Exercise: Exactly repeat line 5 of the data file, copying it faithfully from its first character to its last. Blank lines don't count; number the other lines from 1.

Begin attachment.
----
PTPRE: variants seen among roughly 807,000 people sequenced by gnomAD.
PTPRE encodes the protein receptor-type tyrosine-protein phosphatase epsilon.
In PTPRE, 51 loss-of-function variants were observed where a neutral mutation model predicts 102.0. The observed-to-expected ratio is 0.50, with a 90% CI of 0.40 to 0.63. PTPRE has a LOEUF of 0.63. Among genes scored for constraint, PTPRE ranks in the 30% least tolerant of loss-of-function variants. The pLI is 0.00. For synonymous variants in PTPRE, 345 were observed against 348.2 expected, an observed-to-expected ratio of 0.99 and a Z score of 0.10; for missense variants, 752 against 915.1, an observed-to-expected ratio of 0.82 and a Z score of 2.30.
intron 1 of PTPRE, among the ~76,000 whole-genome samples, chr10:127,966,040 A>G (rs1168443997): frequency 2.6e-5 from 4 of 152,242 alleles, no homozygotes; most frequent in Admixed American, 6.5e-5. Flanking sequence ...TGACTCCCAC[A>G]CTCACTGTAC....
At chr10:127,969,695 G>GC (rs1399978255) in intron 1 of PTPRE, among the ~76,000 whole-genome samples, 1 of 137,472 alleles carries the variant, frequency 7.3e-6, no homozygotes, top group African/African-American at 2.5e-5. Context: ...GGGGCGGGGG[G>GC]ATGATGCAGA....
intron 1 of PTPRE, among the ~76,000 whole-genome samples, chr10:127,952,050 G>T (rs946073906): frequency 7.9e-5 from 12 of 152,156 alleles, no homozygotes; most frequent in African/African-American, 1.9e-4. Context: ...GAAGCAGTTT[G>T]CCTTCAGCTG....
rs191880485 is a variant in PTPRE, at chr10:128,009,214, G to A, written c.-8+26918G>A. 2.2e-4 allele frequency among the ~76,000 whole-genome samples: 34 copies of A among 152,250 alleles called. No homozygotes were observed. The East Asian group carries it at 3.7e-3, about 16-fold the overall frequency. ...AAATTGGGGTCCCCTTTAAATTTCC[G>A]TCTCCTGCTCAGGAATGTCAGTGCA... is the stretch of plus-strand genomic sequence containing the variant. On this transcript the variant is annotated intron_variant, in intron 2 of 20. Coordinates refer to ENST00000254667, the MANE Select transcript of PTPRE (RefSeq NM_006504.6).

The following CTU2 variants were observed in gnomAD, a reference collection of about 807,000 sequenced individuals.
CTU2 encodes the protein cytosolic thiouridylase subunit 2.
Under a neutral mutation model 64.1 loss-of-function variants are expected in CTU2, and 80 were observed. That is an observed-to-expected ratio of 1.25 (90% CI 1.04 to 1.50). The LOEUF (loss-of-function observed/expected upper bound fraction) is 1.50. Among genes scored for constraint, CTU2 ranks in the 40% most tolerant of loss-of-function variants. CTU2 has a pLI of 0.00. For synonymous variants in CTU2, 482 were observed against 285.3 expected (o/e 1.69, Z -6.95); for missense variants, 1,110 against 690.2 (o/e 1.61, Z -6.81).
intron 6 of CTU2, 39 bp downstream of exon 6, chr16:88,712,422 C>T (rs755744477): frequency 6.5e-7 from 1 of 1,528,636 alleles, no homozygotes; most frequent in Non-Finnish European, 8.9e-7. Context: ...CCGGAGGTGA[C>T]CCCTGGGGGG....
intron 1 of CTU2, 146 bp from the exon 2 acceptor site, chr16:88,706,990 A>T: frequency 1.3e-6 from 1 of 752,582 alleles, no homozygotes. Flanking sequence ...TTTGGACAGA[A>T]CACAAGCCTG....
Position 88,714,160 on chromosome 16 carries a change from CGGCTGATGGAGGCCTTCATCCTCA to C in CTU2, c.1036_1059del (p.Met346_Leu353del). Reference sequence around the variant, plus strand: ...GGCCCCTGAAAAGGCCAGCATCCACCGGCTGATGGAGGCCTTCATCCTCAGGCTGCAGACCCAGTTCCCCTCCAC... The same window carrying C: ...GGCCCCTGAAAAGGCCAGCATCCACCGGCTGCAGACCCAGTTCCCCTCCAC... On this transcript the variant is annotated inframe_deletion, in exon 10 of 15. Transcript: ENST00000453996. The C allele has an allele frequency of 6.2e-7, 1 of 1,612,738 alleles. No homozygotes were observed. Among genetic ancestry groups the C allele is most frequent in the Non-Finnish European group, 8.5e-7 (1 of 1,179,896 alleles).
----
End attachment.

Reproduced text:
At chr10:127,969,695 G>GC (rs1399978255) in intron 1 of PTPRE, among the ~76,000 whole-genome samples, 1 of 137,472 alleles carries the variant, frequency 7.3e-6, no homozygotes, top group African/African-American at 2.5e-5. Context: ...GGGGCGGGGG[G>GC]ATGATGCAGA....